September / October 2000
Page 126
— by Kit Sturman

San Jose Magazine September 2000Could any other place be more results-oriented and time-driven than Silicon Valley? Produce, execute and accomplish as many tasks in the shortest amount of time possible, thank you very much.

We approach fitness the same way. And Pilates, the body-conditioning exercise routine with the hard-to-pronounce name, (pul-LAH-teez), is a multi-goal workout. To understand it, you must concentrate on you body. Inhale into your chest, ribcage and back without lifting your shoulders.

Exhale, and draw the navel toward your spine without bending through the middle of your body. Drop your shoulders away from your ears and drop your chin slightly forward. Do all that and you're already a step closer to understanding what Pilates-based exercise is all about.

The Pilates method has been around for about 80 years and its practitioners laud it for its efficiency, effectiveness and mind-body connection. Athletes and celebrities are doing it, and Pilates is gaining notoriety with the mainstream fitness community and consumer, albeit at a glacial pace.

Pilates-based conditioning simultaneously strengthens and stretches muscles using the body's own resistance in a series of fluid movements. First performed on the mat, the sequence of moves can be transferred to specifically designed equipment.

The key to Pilates is that movement and stability come from the powerhouse or core muscles of the body - the lower back, abdomen, hips and buttocks. Thus, the entire body is engaged fully in each exercise.

The combination of simultaneously stretching and strengthening along with performing few repetitions helps to develop long, lean muscles, muscular balance and improved posture.

"Most of the time we are unaware and fragmented in our approach to exercise and training,"says Tom McCook, who teaches Pilates-based exercise, yoga and resistance stretching at his Mountain View studio, Center of Balance. "People look at arm and leg movement and spend too much time exercising them as separate parts of the body."

Tom McCook training Olympic swimmer Jenny Thompson at Center of BalanceThis is something the lean, 190-pound, 6-foot-1-inch McCook says he did when he was formerly a 220-pound bodybuilder. He would add a few crunches and stretches for the body and call it a day, says McCook, who's founder and director of Center of Balance.

He hasn't lifted weights for nine years and says he's actually stronger now, thanks to Pilates. McCook says it's because when you perform Pilates, movement comes form the center of the body and you attune to what your body needs for balance.

"Pilates exercises give you the ability to become more mindful of your body," McCook says. "It's self-awareness through movement."

And it's usually performed in a quiet composed environment.

So it's more relaxing than pumping iron at a typical gym, where there are headsets, TVs and whatever else to serve as a distraction. McCook's Center of Balance, on the other hand, provides calm surroundings as meditative or New Age music plays in the background.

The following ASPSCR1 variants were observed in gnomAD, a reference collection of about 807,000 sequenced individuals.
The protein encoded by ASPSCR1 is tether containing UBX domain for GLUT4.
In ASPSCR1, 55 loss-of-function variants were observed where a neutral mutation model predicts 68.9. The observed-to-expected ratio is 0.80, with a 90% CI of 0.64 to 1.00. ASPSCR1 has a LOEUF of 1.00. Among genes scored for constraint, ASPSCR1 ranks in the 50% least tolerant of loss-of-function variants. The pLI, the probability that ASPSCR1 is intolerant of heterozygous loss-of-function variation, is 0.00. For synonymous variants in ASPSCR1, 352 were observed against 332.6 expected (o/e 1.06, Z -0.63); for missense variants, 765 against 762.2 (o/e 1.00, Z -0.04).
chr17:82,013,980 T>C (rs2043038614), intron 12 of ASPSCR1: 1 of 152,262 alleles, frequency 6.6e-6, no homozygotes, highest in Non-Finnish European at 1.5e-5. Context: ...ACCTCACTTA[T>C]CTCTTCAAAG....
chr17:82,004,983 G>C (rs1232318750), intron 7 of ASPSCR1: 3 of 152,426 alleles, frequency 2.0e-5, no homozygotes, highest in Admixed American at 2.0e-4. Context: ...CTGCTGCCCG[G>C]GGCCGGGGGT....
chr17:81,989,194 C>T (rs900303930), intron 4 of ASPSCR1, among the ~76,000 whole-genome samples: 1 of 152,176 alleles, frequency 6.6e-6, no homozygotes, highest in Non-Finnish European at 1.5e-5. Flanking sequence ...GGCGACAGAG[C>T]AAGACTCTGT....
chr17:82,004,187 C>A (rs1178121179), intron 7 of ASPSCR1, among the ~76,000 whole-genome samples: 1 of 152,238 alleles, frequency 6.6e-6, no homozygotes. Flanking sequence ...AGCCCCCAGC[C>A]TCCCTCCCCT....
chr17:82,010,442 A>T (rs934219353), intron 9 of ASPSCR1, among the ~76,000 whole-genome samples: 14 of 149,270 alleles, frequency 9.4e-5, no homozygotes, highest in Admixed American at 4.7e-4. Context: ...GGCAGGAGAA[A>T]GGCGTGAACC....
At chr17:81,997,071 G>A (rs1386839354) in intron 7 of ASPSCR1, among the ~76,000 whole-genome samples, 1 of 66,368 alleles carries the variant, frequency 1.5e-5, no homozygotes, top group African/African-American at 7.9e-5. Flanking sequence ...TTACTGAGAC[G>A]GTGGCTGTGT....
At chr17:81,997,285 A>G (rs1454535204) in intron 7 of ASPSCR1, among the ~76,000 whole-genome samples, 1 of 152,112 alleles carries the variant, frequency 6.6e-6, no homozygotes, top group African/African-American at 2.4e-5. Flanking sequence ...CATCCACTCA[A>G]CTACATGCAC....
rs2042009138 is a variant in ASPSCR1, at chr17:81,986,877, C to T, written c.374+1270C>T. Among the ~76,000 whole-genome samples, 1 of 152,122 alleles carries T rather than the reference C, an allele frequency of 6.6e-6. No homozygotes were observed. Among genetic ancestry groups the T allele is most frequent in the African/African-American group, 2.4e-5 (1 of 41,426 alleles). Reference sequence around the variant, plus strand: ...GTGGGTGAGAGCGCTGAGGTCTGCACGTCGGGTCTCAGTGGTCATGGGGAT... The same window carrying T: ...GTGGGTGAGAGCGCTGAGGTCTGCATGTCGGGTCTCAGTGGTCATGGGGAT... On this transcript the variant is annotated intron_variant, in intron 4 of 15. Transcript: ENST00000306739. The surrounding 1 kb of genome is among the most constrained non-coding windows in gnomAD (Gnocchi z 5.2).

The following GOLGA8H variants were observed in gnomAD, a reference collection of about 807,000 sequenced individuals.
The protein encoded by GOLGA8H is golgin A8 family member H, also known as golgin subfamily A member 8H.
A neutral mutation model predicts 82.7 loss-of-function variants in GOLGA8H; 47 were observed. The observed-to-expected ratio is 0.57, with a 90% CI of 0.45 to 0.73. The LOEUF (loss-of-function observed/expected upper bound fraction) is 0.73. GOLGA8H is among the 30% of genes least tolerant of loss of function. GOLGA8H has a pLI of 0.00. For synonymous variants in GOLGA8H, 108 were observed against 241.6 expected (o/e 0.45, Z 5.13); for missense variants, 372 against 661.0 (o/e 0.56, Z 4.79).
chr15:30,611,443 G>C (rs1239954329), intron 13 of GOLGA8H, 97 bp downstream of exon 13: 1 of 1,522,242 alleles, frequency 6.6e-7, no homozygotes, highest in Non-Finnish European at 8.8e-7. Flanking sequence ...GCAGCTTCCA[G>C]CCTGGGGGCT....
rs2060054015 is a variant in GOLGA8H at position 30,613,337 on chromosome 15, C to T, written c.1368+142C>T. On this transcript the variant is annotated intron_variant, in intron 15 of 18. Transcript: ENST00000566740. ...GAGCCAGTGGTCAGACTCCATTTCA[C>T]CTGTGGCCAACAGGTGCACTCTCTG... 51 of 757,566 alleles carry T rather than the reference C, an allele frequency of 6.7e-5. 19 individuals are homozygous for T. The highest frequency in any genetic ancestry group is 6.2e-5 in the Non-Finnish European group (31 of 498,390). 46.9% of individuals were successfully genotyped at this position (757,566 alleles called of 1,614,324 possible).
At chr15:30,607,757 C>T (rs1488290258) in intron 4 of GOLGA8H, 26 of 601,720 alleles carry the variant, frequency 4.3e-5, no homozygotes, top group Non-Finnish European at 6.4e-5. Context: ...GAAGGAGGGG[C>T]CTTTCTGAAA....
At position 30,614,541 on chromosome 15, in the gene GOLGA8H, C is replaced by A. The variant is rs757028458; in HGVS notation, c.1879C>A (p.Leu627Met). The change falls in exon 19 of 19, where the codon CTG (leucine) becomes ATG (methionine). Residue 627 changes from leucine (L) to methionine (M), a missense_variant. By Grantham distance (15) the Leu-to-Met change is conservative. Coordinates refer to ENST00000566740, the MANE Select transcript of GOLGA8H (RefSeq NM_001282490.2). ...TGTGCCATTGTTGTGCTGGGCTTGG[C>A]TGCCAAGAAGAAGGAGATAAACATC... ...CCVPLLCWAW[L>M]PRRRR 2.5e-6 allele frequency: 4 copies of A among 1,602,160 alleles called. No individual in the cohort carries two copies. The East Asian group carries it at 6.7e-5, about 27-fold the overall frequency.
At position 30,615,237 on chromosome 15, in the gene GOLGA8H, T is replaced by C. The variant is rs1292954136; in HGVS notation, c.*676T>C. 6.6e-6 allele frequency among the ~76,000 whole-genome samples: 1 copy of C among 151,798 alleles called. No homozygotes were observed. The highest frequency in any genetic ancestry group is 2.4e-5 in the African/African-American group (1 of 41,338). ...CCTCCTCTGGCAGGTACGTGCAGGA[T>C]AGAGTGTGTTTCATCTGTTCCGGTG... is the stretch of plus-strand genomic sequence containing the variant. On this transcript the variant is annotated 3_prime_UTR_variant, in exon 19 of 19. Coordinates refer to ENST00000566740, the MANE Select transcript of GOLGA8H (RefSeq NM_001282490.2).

Some Pilates exercises look much like yoga or other traditional workouts. In order to adapt to the subtleties of technique in breathing and posture, and to learn the sequence of movements, participants begin with mat work.

A good instructor will provide direction and verbal cues to help in adapting to the nuances of a mat. For instance, you have to anchor your torso for stability while lengthening your spine and neck.

The mat series of movements then shifts to equipment and is best done worth an instructor in a one-on-one or small-group format.

Of the several pieces of equipment possible, the Universal Reformer, which resembles a single wood-frame bed with a sliding platform, is the most widely used and known. An adjustable, spring and pulley system are attached to the Reformer and provide resistance.

The teachings of Joseph H Pilates are the basis of each technique and sequence of movements on the floor and with the equipment.

Swimmers typically have lower back and shoulder injuries due to muscle imbalance, McCook says, and Pilates can help overcome that. Athletes also want an intense training that will increase their performance level without straining their joints.

Again, that's where Pilates comes into play.

McCook has worked with athletes including women from the Stanford University Swim Team. Many have worked with him to train for the 2000 Summer Olympics in Sydney, Australia.

Working individually with American record-holder, swimmer, Jenny Thompson and Stanford women's swim team member, Misty Hyman, McCook hones in on body awareness, energy management and troubleshoots areas of weakness.

McCook says that prior to and in between an athletes event, muscles should be in a state of relaxation. "If muscles and joints are tensed, tight and hard at rest, blood flow is inhibited, and the energy for the arms and legs won't be available when it's time to perform, McCook says.

The principle of body awareness, whether you're in competitive sports, in rehab or in a 12-hour workday, is part of functional fitness. And that's one of the reasons Pilates conditioning is gaining popularity.

Aesthetics are still important, but functional fitness is about maintaining energy throughout daily tasks, reducing stress and being injury free.

"People want more depth from their exercise program. They want it to contribute to their quality of life," McCook says. "Your entire mind-body awareness carries over to self-care and your ability to enjoy life. Pilates is a natural movement toward the right actions for your life."